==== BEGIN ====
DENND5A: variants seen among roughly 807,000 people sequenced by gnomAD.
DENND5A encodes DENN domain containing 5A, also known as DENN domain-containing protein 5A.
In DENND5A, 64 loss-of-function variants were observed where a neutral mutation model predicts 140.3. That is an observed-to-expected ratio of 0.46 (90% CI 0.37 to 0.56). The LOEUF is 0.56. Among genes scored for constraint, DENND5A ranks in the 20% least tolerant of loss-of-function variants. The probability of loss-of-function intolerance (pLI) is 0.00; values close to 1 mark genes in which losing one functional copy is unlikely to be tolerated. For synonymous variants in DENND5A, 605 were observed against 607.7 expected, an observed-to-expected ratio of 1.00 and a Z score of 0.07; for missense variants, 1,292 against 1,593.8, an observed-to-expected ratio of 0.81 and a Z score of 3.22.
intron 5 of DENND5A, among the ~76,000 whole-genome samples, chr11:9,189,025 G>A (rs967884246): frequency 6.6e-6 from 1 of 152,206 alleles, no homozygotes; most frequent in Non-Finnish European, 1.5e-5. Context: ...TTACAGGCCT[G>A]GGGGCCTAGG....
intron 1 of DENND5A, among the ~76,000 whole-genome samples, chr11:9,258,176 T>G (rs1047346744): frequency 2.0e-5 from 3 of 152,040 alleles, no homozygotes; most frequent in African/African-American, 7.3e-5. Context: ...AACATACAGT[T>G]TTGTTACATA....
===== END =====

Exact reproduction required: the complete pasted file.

DENND5A: variants seen among roughly 807,000 people sequenced by gnomAD.
DENND5A encodes DENN domain containing 5A, also known as DENN domain-containing protein 5A.
In DENND5A, 64 loss-of-function variants were observed where a neutral mutation model predicts 140.3. That is an observed-to-expected ratio of 0.46 (90% CI 0.37 to 0.56). The LOEUF is 0.56. Among genes scored for constraint, DENND5A ranks in the 20% least tolerant of loss-of-function variants. The probability of loss-of-function intolerance (pLI) is 0.00; values close to 1 mark genes in which losing one functional copy is unlikely to be tolerated. For synonymous variants in DENND5A, 605 were observed against 607.7 expected, an observed-to-expected ratio of 1.00 and a Z score of 0.07; for missense variants, 1,292 against 1,593.8, an observed-to-expected ratio of 0.81 and a Z score of 3.22.
intron 5 of DENND5A, among the ~76,000 whole-genome samples, chr11:9,189,025 G>A (rs967884246): frequency 6.6e-6 from 1 of 152,206 alleles, no homozygotes; most frequent in Non-Finnish European, 1.5e-5. Context: ...TTACAGGCCT[G>A]GGGGCCTAGG....
intron 1 of DENND5A, among the ~76,000 whole-genome samples, chr11:9,258,176 T>G (rs1047346744): frequency 2.0e-5 from 3 of 152,040 alleles, no homozygotes; most frequent in African/African-American, 7.3e-5. Context: ...AACATACAGT[T>G]TTGTTACATA....